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Farxiga Approved for Form of Heart Failure, Regardless of Diabetes

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Farxiga Heart Failure Approval
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AstraZeneca’s type 2 diabetes drug Farxiga (dapagliflozin) has been in the news a lot lately. A few weeks, ago, the pharmaceutical company halted a trial of the drug in people with chronic kidney disease (CKD) because of an “overwhelming” benefit seen in preliminary results — a sign that the drug is likely to be approved by the U.S. Food and Drug Administration (FDA) for treating CKD, regardless of diabetes status, in the near future.

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Then a few days ago, we described another study showing that SGLT2 inhibitors — a group of type 2 diabetes drugs that includes Farxiga as well as Jardiance (empagliflozin) and Invokana (canagliflozin) — help protect against severe kidney problems in people with diabetes, especially those who already have CKD. SGLT2 inhibitors work by making your kidneys excrete more glucose in your urine, which helps lower blood glucose levels.

Now, Farxiga has been approved by the FDA to treat heart failure with reduced ejection fraction (HFrEF). This type of heart failure is defined by an ejection fraction — a measure of how much blood the heart’s left ventricle pumps out with each heartbeat — of less than 40%.

As noted in a press release from AstraZeneca, this approval is based on a study showing that the drug reduced hospitalization for heart failure, as well as death from cardiovascular causes, in a significant and clinically meaningful way compared with a placebo (inactive pill) in people with HFrEF.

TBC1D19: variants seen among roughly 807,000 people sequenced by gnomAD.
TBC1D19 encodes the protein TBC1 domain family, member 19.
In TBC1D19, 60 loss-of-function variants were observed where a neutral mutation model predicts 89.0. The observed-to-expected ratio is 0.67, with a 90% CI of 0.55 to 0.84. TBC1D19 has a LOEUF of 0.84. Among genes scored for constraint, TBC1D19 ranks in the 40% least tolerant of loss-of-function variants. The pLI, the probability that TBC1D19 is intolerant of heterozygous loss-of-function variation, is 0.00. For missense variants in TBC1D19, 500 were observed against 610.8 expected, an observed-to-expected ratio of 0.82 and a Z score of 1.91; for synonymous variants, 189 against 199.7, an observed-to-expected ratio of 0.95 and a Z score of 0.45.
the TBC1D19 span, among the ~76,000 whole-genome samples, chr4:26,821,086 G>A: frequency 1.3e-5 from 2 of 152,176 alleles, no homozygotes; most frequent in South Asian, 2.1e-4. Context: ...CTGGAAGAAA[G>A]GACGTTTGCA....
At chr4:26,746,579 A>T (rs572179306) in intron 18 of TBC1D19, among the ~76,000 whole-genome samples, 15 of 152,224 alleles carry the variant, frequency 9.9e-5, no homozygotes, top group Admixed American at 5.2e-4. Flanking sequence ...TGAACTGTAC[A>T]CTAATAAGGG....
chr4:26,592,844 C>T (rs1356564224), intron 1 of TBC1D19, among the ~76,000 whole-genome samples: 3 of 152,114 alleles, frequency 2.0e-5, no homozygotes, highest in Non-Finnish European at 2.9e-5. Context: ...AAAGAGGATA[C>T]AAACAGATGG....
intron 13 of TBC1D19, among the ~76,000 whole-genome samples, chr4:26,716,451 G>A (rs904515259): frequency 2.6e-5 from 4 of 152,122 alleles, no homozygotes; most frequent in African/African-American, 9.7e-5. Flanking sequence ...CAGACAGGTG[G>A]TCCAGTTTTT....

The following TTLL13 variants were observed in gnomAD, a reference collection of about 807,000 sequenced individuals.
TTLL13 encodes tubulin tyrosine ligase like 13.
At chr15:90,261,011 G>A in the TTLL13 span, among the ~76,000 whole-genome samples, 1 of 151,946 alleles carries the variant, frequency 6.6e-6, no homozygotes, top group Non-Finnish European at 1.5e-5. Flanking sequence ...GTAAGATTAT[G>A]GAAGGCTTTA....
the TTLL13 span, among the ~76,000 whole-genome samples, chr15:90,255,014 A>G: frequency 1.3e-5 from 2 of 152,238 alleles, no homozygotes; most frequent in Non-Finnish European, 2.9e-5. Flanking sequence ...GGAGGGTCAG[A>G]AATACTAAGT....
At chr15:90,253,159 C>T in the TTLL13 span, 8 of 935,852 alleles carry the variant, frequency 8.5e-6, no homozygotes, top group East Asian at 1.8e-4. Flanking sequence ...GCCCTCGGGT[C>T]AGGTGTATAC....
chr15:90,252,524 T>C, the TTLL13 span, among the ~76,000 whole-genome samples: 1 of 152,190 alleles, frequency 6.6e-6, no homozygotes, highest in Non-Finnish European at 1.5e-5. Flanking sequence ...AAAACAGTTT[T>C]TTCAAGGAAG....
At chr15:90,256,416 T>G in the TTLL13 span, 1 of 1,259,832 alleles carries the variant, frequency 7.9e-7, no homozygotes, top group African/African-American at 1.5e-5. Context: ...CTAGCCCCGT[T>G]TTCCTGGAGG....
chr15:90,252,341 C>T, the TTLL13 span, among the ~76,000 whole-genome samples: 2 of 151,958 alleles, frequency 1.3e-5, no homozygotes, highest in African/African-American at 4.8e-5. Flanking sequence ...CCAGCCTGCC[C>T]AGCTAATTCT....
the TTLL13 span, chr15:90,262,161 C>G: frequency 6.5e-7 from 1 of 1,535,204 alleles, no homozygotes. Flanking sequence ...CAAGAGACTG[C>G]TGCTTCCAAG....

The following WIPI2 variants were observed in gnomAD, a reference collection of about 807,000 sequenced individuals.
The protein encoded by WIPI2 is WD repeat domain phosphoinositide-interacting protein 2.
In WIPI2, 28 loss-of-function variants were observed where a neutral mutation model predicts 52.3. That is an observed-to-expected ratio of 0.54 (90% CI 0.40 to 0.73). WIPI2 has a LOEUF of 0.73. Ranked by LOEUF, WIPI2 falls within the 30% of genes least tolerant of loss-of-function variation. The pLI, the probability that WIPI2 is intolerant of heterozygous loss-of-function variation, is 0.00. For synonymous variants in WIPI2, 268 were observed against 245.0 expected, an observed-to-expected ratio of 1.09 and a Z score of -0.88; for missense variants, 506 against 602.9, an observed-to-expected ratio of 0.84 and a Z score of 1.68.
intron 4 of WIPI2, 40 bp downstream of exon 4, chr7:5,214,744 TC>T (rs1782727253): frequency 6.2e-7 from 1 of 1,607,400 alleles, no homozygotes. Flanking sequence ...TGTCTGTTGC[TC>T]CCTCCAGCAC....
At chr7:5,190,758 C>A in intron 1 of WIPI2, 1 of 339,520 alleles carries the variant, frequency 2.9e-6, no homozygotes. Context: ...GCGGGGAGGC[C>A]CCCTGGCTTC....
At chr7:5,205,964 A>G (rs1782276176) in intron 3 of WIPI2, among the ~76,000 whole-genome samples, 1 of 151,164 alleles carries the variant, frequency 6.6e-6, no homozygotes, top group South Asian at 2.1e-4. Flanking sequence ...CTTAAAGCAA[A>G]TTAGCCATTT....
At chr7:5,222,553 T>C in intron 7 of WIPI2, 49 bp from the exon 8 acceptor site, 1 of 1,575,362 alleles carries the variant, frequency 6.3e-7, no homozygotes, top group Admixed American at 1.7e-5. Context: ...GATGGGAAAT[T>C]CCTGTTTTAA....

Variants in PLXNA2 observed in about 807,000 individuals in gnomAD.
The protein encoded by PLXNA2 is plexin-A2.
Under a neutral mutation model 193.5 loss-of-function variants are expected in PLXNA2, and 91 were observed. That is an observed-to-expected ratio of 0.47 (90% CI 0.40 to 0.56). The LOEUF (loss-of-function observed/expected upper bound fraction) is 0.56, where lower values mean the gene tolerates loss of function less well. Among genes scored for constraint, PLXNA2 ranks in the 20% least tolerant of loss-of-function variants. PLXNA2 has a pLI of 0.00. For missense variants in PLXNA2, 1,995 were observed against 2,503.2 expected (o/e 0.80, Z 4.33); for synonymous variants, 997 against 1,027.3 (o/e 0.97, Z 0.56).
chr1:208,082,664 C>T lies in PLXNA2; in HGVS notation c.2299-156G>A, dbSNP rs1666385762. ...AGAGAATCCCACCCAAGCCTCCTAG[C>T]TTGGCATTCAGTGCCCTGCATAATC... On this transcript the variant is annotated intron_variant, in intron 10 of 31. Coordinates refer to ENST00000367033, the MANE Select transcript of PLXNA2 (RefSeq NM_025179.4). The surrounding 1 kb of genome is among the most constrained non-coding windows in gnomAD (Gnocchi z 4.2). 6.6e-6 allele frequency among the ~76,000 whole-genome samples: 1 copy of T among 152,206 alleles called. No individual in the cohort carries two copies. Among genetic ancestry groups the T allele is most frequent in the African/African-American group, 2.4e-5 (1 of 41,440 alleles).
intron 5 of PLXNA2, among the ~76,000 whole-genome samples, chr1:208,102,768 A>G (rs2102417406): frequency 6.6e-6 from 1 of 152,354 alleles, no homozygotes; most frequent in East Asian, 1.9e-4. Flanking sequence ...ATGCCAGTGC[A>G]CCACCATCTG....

Compared with a placebo, and in combination with standard of care, Farxiga was found to reduce the combined risk of worsened heart failure and death from cardiovascular causes by 26%. For every 21 trial participants with HFrEF, one hospitalization or urgent medical visit for heart failure, or death from cardiovascular causes, could be avoided by taking Farxiga. In light of these results, the Farxiga was given priority review by the FDA earlier this year.

According to the press release, the safety profile of Farxiga for treated HFrEF, as shown in the study, is consistent with its established record in treating type 2 diabetes. Farxiga was approved by the FDA in October 2019 for reducing the risk of hospitalization for heart failure in adults with type 2 diabetes and established cardiovascular disease. The new approval extends the drug’s reach for heart failure beyond people with diabetes.

“With the approval of Farxiga, we have reached a critical milestone to potentially transform heart failure treatment for the millions of people living with the condition in the U.S.,” said Mene Pangalos, executive vice president of BioPharmaceuticals R&D, in the press release. “We are now one step closer to making a significant impact on their lives by providing a much-needed treatment to help reduce their disease burden and live longer.”

Want to learn more about keeping your heart healthy with diabetes? Read “Lower Your Risk of Heart Disease,” “Tips for a Healthy Heart” and “Fight Off Heart Disease With These Five Heart-Healthy Foods.”

Quinn Phillips

Quinn Phillips

Quinn Phillips on social media

A freelance health writer and editor based in Wisconsin, Phillips has a degree in government from Harvard University. He writes on a variety of topics, but is especially interested in the intersection of health and public policy.

 

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